The numerous stories from ancient times that have largely been discounted by later generations prove that nothing certain can be said about Protagoras’s early life. It is stated authoritatively, however, that at the age of thirty Protagoras began his career as a Sophist, traveling up and down the peninsula of Greece and into Sicily and southern Italy, giving lessons to wealthy young men for a fee.

Life’s Work

Prior to the mid-400’s b.c.e. no schools or professional teachers existed, yet the city-states experienced an increasing need for well-educated, informed leaders. The older Sophists, Protagoras, Prodicus, Hippias, and Gorgias, filled this need by teaching upper-class young men how to acquire political and personal success. They held similar views on education and had similar aversions to the objective scientific doctrines of their day. They claimed superiority in wisdom, the ability to teach that wisdom, and the right to charge a fee for their lessons. In this atmosphere Protagoras gained fame by lecturing and by writing books.

Many disapproved of the Sophists’ methods, especially Socrates and Plato. Socrates argued that wisdom was a quality that could not be taught. Plato, who disparaged the rhetorical tricks used specifically by Protagoras, brought ill repute to all the Sophists. A generation later, Aristotle branded their teaching as the furthering of the appearance of wisdom without the reality, and the Sophists as men who made money on this pretense.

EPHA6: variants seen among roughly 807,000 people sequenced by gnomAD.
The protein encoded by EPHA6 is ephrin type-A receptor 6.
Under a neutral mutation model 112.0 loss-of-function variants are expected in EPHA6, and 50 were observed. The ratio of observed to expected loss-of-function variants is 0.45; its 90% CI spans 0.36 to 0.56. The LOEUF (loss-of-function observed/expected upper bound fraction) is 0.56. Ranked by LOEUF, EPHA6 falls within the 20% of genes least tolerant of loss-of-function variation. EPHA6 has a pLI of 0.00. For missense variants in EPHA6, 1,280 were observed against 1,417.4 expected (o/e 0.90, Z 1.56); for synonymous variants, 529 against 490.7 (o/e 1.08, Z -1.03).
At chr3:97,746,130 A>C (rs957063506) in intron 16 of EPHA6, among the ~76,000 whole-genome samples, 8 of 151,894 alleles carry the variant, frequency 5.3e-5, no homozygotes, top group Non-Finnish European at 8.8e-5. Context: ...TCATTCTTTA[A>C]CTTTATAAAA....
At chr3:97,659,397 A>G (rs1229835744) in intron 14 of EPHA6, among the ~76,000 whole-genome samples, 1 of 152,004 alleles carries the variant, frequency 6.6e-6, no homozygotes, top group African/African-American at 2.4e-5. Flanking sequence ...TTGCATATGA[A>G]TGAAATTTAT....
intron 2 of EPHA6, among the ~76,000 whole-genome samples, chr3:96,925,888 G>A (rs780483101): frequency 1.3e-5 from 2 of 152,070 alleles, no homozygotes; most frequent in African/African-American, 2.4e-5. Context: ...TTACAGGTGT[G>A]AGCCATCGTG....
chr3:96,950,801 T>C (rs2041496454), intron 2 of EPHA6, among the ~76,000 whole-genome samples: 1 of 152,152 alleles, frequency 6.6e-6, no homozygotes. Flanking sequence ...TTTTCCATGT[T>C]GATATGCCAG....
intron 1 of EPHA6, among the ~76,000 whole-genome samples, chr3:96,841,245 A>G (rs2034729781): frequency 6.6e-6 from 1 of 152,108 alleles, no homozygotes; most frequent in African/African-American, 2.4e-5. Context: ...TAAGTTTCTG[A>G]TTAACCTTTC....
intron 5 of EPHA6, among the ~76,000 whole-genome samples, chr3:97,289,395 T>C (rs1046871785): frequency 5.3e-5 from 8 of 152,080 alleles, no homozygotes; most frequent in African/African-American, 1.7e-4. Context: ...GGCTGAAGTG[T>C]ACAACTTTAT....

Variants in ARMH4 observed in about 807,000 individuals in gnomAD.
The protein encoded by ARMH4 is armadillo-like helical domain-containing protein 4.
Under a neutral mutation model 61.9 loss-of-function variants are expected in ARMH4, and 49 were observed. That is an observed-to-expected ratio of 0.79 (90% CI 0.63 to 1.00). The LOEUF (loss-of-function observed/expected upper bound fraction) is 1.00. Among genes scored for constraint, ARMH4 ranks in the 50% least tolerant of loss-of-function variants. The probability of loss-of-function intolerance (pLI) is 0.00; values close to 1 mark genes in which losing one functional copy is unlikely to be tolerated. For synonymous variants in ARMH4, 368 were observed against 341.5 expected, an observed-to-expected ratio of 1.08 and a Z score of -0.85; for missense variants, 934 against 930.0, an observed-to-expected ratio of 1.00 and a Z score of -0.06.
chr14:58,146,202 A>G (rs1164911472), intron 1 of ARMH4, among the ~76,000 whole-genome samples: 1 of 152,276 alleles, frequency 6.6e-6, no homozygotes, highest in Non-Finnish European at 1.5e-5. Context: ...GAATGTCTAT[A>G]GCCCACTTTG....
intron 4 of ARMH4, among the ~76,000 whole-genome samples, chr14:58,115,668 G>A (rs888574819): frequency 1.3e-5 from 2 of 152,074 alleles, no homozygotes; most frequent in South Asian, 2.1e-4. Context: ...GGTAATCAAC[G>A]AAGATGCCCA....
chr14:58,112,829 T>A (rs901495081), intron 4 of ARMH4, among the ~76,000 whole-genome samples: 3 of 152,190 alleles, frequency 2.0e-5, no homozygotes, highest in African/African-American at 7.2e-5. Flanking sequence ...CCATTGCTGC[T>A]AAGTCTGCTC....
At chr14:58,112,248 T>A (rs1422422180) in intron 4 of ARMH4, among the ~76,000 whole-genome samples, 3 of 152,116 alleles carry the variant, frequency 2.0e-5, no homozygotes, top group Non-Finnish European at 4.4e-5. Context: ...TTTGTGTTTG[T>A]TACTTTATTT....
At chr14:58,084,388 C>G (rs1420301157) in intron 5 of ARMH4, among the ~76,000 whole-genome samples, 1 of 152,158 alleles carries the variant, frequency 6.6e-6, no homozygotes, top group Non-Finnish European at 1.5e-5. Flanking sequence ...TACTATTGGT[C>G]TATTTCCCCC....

Still, Protagoras was clearly more than a specious philosopher. Plato consistently portrayed him as witty, intellectual, moral, and sincere in his praise of Socrates—and thought Protagoras’s ideas important enough to refute in several dialogues. Aristotle’s extensive refutation of Protagoras’s beliefs attests the fact that he, too, took Protagoras seriously.

Protagoras’s instruction was practical. He emphasized skill in persuasive speaking and effective debating. He taught his students the importance of words by the study of grammar, diction, and poetic analysis. He may have been the first to emphasize the importance of proper timing. Armed with these skills, Protagoras believed, his students would excel as civic leaders and political advisers. The Athenian orator Isocrates and Protagoras’s fellow Sophist Prodicus were two of his most famous students. He also influenced Aristophanes and Euripides.

On his journeys, Protagoras no doubt stayed with influential families and read his speeches to select audiences. His most famous visits were to Athens, which he first saw in 444 b.c.e., when the Athenian ruler Pericles asked him to write the constitution for the new Panhellenic colony of Thurii in southern Italy. This assignment probably required him to live in Italy for some years. He spent enough time in Sicily to have won fame as a teacher. He returned to Athens about 432, when he engaged in the debate with Socrates described in Plato’s dialogue Prōtagoras (399-390 b.c.e.; Protagoras, 1804). He may have visited the city once more in 422 or 421.

Protagoras’s high fee of one hundred...

(The entire section is 2105 words.)